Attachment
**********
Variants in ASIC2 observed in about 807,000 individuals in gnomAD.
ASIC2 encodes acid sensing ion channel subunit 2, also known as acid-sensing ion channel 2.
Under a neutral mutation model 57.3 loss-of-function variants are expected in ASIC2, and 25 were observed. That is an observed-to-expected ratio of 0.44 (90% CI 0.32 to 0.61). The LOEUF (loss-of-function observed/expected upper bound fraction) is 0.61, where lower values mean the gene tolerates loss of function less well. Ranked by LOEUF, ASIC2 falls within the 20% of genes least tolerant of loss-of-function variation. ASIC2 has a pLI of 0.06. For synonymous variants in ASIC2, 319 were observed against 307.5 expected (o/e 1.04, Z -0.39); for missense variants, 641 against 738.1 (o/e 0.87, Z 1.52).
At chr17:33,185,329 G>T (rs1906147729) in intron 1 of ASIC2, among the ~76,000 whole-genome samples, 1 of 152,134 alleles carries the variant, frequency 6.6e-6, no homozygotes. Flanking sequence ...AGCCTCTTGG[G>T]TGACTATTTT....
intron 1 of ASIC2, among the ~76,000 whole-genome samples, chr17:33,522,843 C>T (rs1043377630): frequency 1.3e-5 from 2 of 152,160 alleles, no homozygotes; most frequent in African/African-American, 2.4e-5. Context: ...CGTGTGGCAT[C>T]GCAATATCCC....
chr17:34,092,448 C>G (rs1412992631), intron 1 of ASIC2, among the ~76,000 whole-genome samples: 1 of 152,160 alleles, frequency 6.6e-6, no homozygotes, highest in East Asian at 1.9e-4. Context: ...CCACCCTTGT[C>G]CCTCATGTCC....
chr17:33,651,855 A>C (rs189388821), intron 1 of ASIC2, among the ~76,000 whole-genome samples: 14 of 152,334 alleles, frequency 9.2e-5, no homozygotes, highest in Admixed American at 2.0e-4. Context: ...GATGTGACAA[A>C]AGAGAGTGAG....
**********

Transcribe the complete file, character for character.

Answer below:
Variants in ASIC2 observed in about 807,000 individuals in gnomAD.
ASIC2 encodes acid sensing ion channel subunit 2, also known as acid-sensing ion channel 2.
Under a neutral mutation model 57.3 loss-of-function variants are expected in ASIC2, and 25 were observed. That is an observed-to-expected ratio of 0.44 (90% CI 0.32 to 0.61). The LOEUF (loss-of-function observed/expected upper bound fraction) is 0.61, where lower values mean the gene tolerates loss of function less well. Ranked by LOEUF, ASIC2 falls within the 20% of genes least tolerant of loss-of-function variation. ASIC2 has a pLI of 0.06. For synonymous variants in ASIC2, 319 were observed against 307.5 expected (o/e 1.04, Z -0.39); for missense variants, 641 against 738.1 (o/e 0.87, Z 1.52).
At chr17:33,185,329 G>T (rs1906147729) in intron 1 of ASIC2, among the ~76,000 whole-genome samples, 1 of 152,134 alleles carries the variant, frequency 6.6e-6, no homozygotes. Flanking sequence ...AGCCTCTTGG[G>T]TGACTATTTT....
intron 1 of ASIC2, among the ~76,000 whole-genome samples, chr17:33,522,843 C>T (rs1043377630): frequency 1.3e-5 from 2 of 152,160 alleles, no homozygotes; most frequent in African/African-American, 2.4e-5. Context: ...CGTGTGGCAT[C>T]GCAATATCCC....
chr17:34,092,448 C>G (rs1412992631), intron 1 of ASIC2, among the ~76,000 whole-genome samples: 1 of 152,160 alleles, frequency 6.6e-6, no homozygotes, highest in East Asian at 1.9e-4. Context: ...CCACCCTTGT[C>G]CCTCATGTCC....
chr17:33,651,855 A>C (rs189388821), intron 1 of ASIC2, among the ~76,000 whole-genome samples: 14 of 152,334 alleles, frequency 9.2e-5, no homozygotes, highest in Admixed American at 2.0e-4. Context: ...GATGTGACAA[A>C]AGAGAGTGAG....